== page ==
In response to a public outcry over water pollution, the Clean Water Act was passed into law in 1972 with strong bipartisan support. By making any discharges into the nation’s waters illegal without a permit and establishing protective water quality standards, the Act fundamentally revolutionized the way we address water pollution. As a result, chemical and industrial pollution has significantly decreased. The loss of wetlands, which provide protection from flooding and filter out pollutants, has been reduced by almost three-fourths. Now that modern sewage treatment is required, Acup Creek and thousands of streams across the country are healthier. Rivers are remarkably resilient, if we give them a chance.
For more on this story, visit: Wm. Robert Irvin: The Clean Water Act Turns 40.
By Mark Gold
October 17, 2012
On Thursday, one of the country’s most effective environmental laws — the federal Clean Water Act — will turn 40. Los Angeles County residents owe the law a huge debt of gratitude. Because of it, Santa Monica Bay no longer has a dead zone, its bottom fish no longer have tumors and fin rot, and the days of baywide summer beach closures due to multimillion-gallon sewage spills are long gone.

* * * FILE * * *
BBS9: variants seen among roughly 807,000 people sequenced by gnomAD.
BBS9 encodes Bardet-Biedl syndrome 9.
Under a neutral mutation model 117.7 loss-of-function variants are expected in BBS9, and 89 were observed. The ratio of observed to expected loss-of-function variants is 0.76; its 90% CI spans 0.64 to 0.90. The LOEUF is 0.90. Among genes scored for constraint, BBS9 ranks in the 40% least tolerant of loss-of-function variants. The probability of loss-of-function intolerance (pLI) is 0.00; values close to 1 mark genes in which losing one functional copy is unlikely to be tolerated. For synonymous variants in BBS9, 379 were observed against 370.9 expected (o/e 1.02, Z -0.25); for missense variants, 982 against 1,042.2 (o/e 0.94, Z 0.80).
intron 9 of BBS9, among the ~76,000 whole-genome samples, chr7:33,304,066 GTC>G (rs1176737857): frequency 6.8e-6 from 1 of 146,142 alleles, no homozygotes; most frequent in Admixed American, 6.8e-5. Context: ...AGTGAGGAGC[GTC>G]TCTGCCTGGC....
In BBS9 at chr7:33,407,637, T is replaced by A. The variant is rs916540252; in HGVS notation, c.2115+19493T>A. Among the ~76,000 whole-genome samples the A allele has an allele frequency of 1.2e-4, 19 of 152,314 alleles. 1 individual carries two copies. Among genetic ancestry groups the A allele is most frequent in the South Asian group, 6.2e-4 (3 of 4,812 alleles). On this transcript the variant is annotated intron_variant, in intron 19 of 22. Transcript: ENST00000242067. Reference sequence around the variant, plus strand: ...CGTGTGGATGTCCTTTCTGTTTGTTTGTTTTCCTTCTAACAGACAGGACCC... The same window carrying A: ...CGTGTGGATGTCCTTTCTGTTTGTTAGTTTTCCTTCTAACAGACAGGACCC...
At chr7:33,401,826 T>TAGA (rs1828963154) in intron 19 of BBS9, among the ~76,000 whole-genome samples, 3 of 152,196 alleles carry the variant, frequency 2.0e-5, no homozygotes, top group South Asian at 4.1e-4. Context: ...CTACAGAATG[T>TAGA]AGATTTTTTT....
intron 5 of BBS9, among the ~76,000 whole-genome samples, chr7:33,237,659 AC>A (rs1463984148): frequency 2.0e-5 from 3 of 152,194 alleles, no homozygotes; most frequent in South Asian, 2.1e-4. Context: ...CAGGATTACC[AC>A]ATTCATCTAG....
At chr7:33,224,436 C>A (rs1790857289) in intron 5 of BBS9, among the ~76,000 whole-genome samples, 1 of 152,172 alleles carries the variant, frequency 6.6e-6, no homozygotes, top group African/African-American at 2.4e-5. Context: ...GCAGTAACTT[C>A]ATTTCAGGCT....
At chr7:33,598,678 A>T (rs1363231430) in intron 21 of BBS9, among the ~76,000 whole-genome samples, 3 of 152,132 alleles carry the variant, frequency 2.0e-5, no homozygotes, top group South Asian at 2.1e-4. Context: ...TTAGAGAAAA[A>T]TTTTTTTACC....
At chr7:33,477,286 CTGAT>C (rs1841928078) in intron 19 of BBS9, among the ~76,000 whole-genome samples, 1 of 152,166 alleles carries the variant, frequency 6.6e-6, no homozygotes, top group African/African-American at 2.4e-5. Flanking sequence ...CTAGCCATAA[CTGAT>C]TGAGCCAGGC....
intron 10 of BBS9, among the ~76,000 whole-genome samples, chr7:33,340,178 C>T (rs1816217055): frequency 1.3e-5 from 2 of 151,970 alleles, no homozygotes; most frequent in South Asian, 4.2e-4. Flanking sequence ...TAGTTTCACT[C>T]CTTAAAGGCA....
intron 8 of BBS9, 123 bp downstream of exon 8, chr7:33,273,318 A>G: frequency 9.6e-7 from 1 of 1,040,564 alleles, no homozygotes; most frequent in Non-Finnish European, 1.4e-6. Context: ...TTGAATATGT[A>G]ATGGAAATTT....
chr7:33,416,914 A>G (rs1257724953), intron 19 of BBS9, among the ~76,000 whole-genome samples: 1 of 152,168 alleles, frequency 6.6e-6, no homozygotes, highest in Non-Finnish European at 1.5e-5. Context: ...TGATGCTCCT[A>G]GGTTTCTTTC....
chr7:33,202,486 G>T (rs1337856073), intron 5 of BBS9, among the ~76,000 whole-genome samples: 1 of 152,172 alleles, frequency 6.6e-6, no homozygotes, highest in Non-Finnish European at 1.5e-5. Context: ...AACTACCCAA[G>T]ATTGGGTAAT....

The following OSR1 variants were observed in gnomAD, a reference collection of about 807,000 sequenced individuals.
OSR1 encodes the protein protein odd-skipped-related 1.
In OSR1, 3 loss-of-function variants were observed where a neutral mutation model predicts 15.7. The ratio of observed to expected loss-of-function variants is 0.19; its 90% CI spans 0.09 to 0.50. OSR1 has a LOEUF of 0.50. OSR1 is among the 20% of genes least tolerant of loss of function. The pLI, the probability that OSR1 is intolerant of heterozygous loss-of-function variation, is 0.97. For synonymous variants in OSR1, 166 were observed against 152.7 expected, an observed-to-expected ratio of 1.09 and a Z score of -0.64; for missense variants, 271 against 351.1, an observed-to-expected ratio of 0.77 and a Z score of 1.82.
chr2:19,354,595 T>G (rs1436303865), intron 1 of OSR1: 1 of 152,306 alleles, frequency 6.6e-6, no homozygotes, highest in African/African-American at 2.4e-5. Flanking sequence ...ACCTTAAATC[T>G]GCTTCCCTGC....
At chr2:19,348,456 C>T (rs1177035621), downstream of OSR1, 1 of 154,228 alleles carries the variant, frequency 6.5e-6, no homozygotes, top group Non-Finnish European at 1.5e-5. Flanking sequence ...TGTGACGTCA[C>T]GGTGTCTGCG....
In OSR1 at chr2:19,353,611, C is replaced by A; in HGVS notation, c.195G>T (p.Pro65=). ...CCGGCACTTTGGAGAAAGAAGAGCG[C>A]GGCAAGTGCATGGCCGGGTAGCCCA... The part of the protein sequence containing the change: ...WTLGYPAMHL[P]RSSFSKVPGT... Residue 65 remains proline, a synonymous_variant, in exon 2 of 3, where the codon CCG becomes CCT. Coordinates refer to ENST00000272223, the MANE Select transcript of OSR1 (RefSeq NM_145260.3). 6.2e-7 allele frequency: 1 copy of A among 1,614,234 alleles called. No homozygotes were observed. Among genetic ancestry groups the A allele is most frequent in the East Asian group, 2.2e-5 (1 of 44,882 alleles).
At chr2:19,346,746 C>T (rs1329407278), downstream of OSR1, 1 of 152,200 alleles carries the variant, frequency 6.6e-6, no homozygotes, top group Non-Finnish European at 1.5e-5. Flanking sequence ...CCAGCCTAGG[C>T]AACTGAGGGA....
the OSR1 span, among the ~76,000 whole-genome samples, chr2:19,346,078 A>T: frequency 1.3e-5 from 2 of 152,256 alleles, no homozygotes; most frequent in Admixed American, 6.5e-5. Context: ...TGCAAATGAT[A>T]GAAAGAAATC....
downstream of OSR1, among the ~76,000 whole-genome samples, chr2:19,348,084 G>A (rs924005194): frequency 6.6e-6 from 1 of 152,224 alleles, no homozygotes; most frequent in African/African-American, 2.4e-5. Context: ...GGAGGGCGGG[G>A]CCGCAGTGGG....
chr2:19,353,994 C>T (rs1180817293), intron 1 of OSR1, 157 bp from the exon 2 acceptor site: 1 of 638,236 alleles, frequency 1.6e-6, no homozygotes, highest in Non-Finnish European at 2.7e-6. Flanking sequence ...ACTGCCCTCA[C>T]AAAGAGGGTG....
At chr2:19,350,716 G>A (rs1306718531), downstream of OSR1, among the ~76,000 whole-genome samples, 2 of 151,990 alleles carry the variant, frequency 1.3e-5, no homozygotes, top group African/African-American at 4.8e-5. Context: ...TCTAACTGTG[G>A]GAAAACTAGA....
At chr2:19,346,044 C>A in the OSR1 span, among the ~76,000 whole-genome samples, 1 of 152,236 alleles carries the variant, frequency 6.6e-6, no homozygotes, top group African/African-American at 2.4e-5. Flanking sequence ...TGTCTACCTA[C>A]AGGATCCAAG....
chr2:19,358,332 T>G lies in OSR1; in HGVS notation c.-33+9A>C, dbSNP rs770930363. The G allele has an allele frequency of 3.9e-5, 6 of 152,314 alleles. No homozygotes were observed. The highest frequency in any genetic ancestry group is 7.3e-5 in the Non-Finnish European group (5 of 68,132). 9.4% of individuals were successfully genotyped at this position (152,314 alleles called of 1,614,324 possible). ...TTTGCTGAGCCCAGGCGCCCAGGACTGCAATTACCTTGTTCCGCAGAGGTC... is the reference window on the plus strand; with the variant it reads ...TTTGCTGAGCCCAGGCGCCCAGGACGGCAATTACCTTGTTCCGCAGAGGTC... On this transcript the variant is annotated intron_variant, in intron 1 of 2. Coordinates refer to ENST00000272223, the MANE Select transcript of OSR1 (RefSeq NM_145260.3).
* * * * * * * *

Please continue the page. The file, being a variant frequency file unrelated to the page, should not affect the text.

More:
These successes didn’t simply happen. They required the combined efforts of government and public activists, and took considerable financial investment, along with excellent engineering and construction work, and leadership at multiple levels. But without the Clean Water Act, they couldn’t have been accomplished.
For more on this story, visit: The Clean Water Act turns 40 – latimes.com.